In May, an undercover reporter doing a story on compassion clubs for the Radio-Canada program “Enquête” visited the club complaining of migraine headaches. The reporter was told he would have to provide a doctor’s note or a sworn declaration from a commissioner of oaths. A staff member suggested the reporter say that he was suffering from chronic pain and directed him to a building down the street. There, a commissioner of oaths was waiting to sign a declaration for a $10 fee.
Most compassion clubs require a doctor’s referral or diagnosis, which is a note confirming the patients condition. The Culture 420 club took these commonly held practices a step further by not requiring a doctor to verify the patient’s chronic pain condition.
Montreal Compassion Club founder Marc-Boris St-Maurice was also arrested along with seven of his employees. He has been outspoken about the new clubs apparent “laissez-faire” attitude.
“We serve people with Health Canada documentation and those with doctor’s diagnosis and recommendation letters,” St-Maurice said. “We’re not claiming to be perfect but we’re definitely doing everything we can to operate professionally. I question if that is the case at other places.”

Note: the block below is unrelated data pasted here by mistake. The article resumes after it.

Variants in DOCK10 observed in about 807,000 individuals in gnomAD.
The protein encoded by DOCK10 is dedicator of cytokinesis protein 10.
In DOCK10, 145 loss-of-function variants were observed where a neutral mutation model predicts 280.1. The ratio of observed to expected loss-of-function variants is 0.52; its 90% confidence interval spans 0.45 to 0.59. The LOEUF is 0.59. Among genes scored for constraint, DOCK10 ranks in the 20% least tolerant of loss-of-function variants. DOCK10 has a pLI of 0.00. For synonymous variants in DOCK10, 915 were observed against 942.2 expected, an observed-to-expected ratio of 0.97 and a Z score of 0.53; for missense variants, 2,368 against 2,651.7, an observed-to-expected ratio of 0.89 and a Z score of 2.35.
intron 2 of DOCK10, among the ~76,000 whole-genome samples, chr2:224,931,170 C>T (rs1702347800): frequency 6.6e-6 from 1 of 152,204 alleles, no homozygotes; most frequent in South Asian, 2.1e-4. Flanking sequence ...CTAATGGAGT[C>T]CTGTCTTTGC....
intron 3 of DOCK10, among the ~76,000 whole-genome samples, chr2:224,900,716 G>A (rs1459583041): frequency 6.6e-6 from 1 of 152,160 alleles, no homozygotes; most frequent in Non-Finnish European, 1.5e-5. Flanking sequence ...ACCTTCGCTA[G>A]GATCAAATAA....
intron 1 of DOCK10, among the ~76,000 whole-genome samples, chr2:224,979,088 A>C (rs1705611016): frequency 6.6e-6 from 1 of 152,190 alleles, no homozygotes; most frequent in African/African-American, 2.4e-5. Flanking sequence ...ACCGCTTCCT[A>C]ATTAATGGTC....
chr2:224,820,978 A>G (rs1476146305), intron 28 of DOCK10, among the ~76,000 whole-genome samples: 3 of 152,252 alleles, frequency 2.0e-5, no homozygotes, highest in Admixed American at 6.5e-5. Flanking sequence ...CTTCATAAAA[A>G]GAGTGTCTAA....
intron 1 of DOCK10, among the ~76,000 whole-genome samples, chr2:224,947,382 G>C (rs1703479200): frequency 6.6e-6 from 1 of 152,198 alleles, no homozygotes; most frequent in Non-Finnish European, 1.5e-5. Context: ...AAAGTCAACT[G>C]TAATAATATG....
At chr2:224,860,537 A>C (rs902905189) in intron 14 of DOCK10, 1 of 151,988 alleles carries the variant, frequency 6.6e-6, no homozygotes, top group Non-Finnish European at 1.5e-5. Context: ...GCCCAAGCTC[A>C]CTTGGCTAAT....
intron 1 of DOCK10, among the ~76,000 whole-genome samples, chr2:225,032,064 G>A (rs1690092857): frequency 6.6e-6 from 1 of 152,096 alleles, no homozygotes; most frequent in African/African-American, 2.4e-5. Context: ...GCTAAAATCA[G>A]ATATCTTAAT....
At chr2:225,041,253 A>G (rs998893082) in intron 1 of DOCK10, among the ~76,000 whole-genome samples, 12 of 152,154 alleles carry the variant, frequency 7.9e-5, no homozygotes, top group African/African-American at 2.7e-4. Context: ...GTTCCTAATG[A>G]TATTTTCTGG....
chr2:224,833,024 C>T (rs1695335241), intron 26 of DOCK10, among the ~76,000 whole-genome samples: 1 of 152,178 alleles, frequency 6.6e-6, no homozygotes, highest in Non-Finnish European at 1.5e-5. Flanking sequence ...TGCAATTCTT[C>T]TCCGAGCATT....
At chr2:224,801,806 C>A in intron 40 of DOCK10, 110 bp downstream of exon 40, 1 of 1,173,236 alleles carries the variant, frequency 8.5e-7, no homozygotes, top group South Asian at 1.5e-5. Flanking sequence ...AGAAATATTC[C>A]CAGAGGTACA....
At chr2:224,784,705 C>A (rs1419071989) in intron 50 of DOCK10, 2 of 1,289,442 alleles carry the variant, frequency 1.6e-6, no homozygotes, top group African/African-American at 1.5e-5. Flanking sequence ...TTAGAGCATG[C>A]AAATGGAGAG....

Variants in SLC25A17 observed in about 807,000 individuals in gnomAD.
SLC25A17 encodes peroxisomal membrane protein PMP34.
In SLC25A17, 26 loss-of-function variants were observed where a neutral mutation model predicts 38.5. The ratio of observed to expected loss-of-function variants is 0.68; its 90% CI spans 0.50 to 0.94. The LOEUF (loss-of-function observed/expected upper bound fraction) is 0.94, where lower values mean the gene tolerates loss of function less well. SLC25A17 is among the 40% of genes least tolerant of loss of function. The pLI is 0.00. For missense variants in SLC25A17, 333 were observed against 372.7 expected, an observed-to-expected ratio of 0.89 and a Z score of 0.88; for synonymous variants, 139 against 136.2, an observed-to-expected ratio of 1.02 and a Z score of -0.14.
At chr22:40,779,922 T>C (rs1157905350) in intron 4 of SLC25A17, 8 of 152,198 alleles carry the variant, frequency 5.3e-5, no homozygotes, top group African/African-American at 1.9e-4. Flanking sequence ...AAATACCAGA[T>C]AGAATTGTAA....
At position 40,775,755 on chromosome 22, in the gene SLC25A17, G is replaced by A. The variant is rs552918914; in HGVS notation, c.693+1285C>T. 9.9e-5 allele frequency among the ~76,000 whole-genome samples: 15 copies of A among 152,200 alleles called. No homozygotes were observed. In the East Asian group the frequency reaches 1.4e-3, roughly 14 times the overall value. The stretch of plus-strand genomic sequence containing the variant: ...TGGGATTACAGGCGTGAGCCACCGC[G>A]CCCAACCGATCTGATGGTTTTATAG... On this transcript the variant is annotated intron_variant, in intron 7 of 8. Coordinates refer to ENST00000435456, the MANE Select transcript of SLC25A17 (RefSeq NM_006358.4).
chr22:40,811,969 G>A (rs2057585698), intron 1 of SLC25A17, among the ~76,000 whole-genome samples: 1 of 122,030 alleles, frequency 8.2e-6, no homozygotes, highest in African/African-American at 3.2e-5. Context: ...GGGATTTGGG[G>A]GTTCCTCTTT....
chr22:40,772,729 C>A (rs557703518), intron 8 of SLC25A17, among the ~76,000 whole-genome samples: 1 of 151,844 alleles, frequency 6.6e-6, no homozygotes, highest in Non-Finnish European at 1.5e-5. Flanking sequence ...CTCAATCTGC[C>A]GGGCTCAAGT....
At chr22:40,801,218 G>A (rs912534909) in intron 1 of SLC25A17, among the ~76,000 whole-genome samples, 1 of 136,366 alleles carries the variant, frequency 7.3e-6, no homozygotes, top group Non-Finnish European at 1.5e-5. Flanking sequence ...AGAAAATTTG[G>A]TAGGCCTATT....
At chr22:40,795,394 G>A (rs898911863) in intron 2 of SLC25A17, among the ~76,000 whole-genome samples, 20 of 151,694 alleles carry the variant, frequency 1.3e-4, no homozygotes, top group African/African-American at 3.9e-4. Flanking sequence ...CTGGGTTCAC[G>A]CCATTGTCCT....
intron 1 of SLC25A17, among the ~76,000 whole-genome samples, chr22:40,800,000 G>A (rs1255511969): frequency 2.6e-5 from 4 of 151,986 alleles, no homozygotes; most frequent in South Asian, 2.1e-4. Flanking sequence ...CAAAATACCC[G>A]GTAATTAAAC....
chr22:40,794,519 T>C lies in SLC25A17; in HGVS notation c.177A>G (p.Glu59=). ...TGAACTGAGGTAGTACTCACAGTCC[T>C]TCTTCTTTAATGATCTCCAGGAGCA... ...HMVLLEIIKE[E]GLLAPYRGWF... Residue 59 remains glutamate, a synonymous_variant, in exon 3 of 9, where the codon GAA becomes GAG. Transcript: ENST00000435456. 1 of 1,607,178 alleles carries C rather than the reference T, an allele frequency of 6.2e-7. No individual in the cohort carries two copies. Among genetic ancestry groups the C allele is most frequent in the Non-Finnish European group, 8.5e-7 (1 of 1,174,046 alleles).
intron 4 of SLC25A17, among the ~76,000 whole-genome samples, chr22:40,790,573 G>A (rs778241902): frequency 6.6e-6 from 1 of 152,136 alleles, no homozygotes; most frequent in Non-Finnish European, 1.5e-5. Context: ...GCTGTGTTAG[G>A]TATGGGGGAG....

“We know that it’s not legal to sell it,” St-Maurice said. “But there is a genuine need for it, and we have been tolerated by authorities for 10 years now because we operate in a careful and professional manner.”
Gary Webber, one of the co-founders of Culture 420, told Tommy Schnurmacher (CJAD 800AM) on his radio show after the raids that what they have is a “Claim of Right” which he has been assured by his lawyers gives him a “lawful excuse” for the clubs operation. Interestingly, this paperwork was taken by the police from Webber’s home. As well, the notary that helped him prepare the paperwork received a phone call and email from police requesting that she destroy the file, and according to Webber she is willing to testify in court about the requests.